If you have a vegetable plot or allotment it’s highly likely that now we are in mid autumn, some of your plot has become bare (fallow) as your summer crops have finished. Rather than leave the soil fallow until spring, we highly recommend sowing green manure seed.
Grown to benefit the soil, green manure can improve soil structure, increase soil fertility and help suppress weed growth. In addition they can disrupt pests and disease life cycles. The type of green manure you need to sow now is winter crop varieties. These winter crops prevent nutrients in your soil, especially nitrogen, from being leached away by winter rains. After a winter crop the soil has been broken down so it will be easier to use in the spring.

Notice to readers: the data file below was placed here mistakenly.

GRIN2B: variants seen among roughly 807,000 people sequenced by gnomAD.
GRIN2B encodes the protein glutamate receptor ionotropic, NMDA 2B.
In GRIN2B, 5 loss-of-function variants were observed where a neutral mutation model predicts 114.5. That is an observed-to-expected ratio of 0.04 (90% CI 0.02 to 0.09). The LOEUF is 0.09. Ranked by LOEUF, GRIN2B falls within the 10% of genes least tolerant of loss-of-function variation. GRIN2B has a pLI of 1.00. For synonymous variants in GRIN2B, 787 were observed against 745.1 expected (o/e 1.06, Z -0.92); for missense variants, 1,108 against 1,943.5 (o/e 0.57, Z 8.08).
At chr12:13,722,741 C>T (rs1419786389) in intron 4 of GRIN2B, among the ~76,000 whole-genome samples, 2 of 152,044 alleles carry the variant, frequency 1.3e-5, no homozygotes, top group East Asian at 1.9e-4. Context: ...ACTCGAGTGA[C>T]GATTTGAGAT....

Sow outdoors by thinly scattering the seed over finely raked soil, which has already been watered. Before the green manure flowers and sets seed, turn it into your soil by lifting it up, turning it over and then digging it into the soil. If a longer period of ground cover is required, then flowering of the green manure can be delayed by cutting plants back (by about a third) when flowers begin to form.
We recommend a Winter Rye or an Autumn/Winter Green Manure Mix which usually consist of Crimson Clover, Broad Leaf Clover, Westerwolds Rye Grass and White Tilney Mustard.
Image accreditation: Krzysztof Golik (2021), Trifolium incarnatum (Crimson Clover) on WikiCommons. Last accessed on 19th October 2022. Available at: https://commons.wikimedia.org/wiki/File:Trifolium_incarnatum_in_Aveyron_(8).jpg